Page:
New Policies in Georgia Put the State on Track to Increase Support for Babies


New data indicates families with infants and toddlers, particularly in underserved communities, continue to struggle, but visionary state legislation could be a game-changer.

ATLANTA, GA – Our brains grow faster between the ages of 0 to 3 than at any later point in our lives – forming the foundation for all future health and learning. The State of Babies Yearbook: 2022, released on May 3 by national early childhood development nonprofit ZERO TO THREE, provides a snapshot of how Georgia’s infants, toddlers, and families are faring in comparison to the rest of the country.

In times of both crisis and calm, Georgia’s youngest children and their families have faced obstacles. This has been particularly true for children of color and those living in families with low incomes. Systemic racism and inadequate wage structures have made it difficult for families to reach their true potential.

At this critical time, with families struggling amid the economic fallout from the ongoing public health crisis, the State of Babies Yearbook: 2022 compiles 60 indicators that affect the well-being of children prenatal to 3 years old. It provides an in-depth look at national and state-by-state progress across three policy areas: Good Health, Strong Families, and Positive Early Learning Experiences.

ZERO TO THREE offers a unique grading scale to describe how well states are supporting infants, toddlers, and their families. The G.R.O.W. scale measurements include Getting Started, Reaching Forward, Improving Outcomes, and Working Effectively. By this metric, Georgia is labeled as “Getting Started” when it comes to good health and strong families. The yearbook found that Georgia is “Reaching Forward”—a higher grade—in the category of positive early learning experiences.

Effective policies and programs in Georgia can make a difference in families’ ability to reach their full potential. The Yearbook highlights areas where Georgia can do better for its babies. For example, 7.2% of Georgia’s infants and toddlers are uninsured, compared with 5.1% nationally, and the average state cost of center-based infant care represents 32.3% of a single parent’s income.

“Though all babies are born with unlimited potential, opportunities for Georgia’s babies to grow and flourish are not shared equally,” shared Miriam Calderón, Chief Policy Officer at ZERO TO THREE. “These findings show that disparities facing babies of color and babies in families with low income are draining our nation’s future potential and leaving parents to fend for themselves. Without immediate action, our policymakers’ longstanding failure to enact powerful family-centered policies and programs will have lasting effects on children, their families, the state of Georgia, and our nation. As advocates for babies, we must push for policies that we know will address the barriers our children face.”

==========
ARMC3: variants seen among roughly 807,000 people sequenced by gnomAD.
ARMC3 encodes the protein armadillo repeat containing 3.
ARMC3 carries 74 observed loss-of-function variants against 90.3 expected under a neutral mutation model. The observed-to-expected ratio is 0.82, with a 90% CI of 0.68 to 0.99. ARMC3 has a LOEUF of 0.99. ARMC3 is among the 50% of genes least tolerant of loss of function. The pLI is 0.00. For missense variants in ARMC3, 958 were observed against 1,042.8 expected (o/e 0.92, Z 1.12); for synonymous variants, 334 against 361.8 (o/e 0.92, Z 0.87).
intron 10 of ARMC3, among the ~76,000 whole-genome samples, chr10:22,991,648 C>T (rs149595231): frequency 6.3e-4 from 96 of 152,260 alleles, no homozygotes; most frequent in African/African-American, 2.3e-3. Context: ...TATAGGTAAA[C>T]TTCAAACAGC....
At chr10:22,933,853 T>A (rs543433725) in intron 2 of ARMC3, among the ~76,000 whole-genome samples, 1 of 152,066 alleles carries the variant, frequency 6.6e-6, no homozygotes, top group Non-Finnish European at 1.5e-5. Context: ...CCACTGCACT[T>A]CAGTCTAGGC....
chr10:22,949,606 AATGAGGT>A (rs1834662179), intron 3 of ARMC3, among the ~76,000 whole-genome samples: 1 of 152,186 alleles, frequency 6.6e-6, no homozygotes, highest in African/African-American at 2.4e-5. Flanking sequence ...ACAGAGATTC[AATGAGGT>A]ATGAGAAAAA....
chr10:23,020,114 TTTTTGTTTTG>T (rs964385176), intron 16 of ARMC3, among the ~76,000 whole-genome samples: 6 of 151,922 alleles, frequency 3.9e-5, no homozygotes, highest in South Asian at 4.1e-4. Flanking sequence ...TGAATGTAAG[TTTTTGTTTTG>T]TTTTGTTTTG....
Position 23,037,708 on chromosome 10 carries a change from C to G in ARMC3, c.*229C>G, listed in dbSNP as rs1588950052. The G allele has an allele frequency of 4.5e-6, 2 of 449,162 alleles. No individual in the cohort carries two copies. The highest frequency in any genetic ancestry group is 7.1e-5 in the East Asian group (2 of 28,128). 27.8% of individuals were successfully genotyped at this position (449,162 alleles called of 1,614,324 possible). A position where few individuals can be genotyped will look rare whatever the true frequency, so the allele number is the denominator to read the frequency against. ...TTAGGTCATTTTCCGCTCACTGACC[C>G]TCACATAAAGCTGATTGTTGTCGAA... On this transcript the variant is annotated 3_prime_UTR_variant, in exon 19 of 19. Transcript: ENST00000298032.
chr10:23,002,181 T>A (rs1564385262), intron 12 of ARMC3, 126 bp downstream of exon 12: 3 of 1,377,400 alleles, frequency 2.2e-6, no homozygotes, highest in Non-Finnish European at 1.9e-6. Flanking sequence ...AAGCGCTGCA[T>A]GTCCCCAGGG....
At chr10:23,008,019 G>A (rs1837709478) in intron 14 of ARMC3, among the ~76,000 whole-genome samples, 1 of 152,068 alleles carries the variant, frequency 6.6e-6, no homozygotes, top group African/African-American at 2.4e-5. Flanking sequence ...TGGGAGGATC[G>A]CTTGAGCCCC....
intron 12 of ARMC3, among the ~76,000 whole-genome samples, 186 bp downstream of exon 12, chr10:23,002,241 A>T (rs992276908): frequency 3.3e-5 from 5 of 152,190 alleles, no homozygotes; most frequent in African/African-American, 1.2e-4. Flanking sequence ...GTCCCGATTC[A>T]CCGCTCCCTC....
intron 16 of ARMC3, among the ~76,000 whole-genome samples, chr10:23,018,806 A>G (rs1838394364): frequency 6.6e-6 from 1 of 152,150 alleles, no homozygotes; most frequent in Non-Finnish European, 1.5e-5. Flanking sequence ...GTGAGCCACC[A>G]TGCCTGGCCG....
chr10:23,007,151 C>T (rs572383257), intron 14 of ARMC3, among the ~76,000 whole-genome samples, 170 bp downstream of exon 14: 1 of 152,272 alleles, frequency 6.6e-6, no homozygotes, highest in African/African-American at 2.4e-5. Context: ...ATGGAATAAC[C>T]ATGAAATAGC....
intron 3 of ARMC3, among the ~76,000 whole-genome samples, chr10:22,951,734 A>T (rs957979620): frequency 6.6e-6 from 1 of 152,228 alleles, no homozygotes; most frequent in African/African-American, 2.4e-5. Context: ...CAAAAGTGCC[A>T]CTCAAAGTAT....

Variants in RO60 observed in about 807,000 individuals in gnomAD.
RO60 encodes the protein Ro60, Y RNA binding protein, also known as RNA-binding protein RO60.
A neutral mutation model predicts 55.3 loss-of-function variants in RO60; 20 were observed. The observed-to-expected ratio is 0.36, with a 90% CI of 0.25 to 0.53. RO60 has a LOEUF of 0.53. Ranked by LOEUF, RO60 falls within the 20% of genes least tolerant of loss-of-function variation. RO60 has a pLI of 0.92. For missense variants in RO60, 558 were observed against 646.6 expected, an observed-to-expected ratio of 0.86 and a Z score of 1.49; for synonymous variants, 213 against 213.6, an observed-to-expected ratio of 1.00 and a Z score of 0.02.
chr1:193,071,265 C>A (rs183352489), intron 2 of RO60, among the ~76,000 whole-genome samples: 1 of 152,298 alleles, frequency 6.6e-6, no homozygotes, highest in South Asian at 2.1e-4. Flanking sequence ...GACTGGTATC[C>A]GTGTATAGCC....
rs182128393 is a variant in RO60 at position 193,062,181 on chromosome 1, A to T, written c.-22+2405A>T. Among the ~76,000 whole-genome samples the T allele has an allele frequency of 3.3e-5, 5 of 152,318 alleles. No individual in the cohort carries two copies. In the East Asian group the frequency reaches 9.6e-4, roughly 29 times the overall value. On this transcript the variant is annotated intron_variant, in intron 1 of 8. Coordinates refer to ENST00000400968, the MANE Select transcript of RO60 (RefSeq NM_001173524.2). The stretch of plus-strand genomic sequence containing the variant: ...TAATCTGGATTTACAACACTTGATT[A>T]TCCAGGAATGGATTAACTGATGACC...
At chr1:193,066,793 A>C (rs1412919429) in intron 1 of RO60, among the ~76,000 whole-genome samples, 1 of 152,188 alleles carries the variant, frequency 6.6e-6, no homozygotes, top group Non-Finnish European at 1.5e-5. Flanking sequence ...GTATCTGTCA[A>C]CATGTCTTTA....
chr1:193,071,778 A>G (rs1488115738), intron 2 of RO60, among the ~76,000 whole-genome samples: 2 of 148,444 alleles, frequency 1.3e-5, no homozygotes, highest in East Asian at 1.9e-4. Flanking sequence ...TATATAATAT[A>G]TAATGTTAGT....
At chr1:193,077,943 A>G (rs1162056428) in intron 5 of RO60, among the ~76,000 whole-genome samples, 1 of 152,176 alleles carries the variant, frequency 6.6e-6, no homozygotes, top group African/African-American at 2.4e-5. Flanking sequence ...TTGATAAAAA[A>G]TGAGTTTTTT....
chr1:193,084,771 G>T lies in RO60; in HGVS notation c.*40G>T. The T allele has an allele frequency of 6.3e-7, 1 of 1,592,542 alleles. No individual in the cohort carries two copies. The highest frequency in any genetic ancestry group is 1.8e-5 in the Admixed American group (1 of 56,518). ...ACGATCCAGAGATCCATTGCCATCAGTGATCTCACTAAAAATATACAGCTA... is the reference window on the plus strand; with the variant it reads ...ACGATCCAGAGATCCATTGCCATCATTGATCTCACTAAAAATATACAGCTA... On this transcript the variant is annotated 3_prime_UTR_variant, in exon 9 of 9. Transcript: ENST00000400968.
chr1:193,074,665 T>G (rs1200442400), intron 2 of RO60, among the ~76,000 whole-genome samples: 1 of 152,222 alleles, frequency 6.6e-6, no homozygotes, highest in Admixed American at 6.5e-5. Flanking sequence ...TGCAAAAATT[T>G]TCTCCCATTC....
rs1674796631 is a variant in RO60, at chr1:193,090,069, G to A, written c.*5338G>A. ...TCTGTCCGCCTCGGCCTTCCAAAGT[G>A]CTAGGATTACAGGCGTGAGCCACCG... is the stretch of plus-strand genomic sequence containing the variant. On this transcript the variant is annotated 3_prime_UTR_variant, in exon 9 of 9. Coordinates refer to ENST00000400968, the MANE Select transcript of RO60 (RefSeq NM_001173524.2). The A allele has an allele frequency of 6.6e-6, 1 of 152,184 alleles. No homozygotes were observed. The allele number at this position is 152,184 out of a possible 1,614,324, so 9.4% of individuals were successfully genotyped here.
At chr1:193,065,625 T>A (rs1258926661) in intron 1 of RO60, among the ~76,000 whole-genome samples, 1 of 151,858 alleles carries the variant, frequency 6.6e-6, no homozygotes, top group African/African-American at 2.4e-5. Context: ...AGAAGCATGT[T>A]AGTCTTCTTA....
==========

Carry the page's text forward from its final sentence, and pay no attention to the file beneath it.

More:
GEEARS: Georgia Early Education Alliance for Ready Students is proud to have advocated for policy changes designed to face these challenges with decisiveness and urgency,” said GEEARS’ Executive Director, Mindy Binderman. “Recent wins include the extension of pregnancy Medicaid from six to twelve months, increased access to lead testing and remediation, and over $3 million in additional state funding for child care. With these achievements under our belt, GEEARS will continue to advocate for Georgia’s youngest children and their families.”

Decisions that affect babies and families happen at all levels of government. GEEARS has joined ZERO TO THREE and more than 70 other national and state organizations to elevate the needs of infants, toddlers, and their families as a priority for elected officials across the country. On May 17, they will join families and babies from all 50 states and DC to urge Congress to boldly invest in our future as part of the national Strolling Thunder event.

To access the national profile and state data, visit